This was a complex case heard by Her Honour Judge Vincent in which she had to consider a retrospective application concerning large amounts of withdrawals and use of P’s money by the attorney.
It was quite clear that the attorney had breached his fiduciary duty. Before the proceedings, some issues had been narrowed down and agreed, one of which was that a panel deputy would be asked to be appointed in place of the attorney.
The main issue for Judge Vincent was to establish what money the attorney had taken and which of it could be approved by the court. It was clear that it was not an easy task. Judge Vincent did say it was easier to point out what was not agreed first.
This included wages paid to the attorney, which were made in a haphazard manner and the attorney had continued to take other payments from the Donor’s account for his living arrangements. Living expenses of the attorney and his family, whilst he was living in Ireland. Purchase of a laptop and printer for the attorney. Money used for a speeding fine, dental bills, art supplies, website costs, high level of grocery expenditure and bank charges.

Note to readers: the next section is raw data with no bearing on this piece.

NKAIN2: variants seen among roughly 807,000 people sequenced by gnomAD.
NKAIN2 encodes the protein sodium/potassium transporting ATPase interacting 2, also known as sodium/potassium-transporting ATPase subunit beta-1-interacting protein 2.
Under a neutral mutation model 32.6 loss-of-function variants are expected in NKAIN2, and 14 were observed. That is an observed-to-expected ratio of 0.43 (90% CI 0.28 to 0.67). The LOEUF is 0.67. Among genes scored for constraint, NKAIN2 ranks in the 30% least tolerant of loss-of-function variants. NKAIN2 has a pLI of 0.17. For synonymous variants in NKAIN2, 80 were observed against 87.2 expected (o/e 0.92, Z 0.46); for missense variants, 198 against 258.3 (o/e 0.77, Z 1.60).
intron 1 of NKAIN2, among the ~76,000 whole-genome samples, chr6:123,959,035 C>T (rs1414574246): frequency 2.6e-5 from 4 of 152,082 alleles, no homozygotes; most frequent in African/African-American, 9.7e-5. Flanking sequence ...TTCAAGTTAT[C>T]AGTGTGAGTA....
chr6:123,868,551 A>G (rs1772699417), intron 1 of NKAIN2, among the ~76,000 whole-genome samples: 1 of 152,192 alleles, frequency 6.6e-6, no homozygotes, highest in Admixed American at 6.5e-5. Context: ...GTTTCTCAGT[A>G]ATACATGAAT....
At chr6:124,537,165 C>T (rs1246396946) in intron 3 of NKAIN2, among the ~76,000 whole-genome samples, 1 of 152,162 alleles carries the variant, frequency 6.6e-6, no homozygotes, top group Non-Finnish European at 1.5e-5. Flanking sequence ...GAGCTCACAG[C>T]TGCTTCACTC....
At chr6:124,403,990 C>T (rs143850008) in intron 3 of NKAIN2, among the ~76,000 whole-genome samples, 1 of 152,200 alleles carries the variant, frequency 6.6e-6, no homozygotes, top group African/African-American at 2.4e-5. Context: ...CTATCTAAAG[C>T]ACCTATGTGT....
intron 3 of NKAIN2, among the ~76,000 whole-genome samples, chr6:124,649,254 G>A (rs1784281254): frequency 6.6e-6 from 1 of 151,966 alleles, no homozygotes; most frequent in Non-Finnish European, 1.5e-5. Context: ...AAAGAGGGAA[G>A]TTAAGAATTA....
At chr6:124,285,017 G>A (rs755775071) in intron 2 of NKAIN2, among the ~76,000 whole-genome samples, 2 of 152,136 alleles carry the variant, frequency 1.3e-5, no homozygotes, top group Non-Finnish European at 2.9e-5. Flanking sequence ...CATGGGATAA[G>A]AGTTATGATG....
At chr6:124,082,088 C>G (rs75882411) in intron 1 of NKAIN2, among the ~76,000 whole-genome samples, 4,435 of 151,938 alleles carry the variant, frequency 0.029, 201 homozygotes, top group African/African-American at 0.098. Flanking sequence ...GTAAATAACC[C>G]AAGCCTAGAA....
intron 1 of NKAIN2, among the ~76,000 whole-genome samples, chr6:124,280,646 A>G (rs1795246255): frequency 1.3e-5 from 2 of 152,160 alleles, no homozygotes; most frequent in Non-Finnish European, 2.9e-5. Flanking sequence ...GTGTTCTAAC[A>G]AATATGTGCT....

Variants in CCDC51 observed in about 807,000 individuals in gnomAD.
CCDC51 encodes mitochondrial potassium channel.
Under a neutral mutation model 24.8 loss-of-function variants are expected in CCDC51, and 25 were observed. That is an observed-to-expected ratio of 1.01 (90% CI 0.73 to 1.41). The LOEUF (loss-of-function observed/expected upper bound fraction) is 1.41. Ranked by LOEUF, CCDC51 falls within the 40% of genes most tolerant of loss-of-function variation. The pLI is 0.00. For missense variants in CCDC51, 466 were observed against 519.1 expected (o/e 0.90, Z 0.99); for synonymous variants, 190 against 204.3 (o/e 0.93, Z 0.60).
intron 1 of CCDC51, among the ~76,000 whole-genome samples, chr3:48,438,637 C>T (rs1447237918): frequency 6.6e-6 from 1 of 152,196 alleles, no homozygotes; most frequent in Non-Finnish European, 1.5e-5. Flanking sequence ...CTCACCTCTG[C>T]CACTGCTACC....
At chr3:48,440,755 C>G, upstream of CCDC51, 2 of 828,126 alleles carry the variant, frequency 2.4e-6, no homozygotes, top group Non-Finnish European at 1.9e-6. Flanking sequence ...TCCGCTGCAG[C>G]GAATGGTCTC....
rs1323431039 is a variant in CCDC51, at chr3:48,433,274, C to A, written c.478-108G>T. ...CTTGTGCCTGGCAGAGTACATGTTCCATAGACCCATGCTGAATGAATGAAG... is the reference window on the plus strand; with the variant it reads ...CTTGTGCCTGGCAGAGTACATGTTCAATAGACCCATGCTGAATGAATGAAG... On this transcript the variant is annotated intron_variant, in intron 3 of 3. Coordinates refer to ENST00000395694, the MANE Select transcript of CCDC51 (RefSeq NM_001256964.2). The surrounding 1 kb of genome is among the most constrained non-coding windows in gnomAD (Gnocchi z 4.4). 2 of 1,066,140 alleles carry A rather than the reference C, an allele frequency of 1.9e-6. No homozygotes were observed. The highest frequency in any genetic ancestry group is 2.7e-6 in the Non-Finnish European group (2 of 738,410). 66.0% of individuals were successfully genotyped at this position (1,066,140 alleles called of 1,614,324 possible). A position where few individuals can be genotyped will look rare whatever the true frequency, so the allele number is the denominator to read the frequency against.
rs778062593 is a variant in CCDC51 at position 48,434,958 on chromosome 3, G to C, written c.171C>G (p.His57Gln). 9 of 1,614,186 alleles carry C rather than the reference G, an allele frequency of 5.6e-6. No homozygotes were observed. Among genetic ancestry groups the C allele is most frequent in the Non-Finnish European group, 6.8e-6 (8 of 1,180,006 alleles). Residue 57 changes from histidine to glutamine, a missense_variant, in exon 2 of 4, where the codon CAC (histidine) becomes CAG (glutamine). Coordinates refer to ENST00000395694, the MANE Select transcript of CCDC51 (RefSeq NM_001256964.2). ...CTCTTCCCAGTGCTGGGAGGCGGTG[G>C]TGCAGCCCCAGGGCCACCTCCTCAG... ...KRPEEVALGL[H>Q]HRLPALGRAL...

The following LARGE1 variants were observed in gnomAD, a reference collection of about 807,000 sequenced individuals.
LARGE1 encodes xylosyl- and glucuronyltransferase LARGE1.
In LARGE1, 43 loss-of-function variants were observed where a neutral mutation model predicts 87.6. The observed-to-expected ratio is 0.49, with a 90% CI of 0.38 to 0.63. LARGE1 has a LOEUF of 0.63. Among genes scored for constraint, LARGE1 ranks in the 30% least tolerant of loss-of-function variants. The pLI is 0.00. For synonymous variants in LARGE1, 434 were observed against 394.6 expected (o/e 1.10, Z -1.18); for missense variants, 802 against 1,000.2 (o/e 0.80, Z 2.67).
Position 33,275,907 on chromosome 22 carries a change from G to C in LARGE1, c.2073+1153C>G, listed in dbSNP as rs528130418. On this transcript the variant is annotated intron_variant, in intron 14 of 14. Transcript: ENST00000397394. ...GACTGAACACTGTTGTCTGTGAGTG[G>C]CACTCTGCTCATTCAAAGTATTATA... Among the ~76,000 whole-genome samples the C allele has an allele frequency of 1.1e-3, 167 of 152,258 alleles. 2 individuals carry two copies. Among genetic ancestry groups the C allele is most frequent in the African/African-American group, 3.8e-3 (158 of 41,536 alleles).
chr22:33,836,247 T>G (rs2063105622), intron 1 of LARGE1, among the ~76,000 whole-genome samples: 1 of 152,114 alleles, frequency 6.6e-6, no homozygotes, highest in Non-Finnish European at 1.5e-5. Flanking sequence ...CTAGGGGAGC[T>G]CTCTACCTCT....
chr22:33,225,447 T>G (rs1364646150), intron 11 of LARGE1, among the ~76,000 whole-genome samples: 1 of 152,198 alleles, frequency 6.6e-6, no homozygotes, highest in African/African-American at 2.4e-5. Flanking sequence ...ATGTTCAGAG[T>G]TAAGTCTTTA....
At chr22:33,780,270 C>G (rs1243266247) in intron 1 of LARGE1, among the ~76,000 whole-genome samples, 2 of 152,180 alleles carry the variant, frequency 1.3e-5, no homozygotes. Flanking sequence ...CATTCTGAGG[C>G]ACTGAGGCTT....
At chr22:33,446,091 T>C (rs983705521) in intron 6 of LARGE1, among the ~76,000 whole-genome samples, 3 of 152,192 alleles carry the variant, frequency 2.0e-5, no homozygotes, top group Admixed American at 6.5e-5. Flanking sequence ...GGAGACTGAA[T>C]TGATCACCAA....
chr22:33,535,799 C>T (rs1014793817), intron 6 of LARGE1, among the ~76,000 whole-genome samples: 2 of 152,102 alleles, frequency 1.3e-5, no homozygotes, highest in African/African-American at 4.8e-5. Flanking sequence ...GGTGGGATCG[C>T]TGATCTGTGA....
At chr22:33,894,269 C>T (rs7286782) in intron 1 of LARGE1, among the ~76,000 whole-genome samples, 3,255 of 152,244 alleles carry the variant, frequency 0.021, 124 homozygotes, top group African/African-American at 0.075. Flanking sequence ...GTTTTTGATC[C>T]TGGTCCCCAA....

Judge Vincent did authorise some gifting and gratuitous care payments. In her judgment she stated “while I have been critical of the way in which the applicant carried out his responsibilities … I have accepted that the significant majority of payments sought to be ratified should be approved; I have ended up with a figure that is much closer to the applicant’s that the Respondent’s. There is no need for bad faith to be established in order for there to be a departure from the usual rule, but for the avoidance of doubt, I do not find that TH has acted in bad faith in all the circumstances”. So, she did not depart from the general cost rule and authorised costs of the proceedings to come from P’s estate.
(Author: Karon Walton)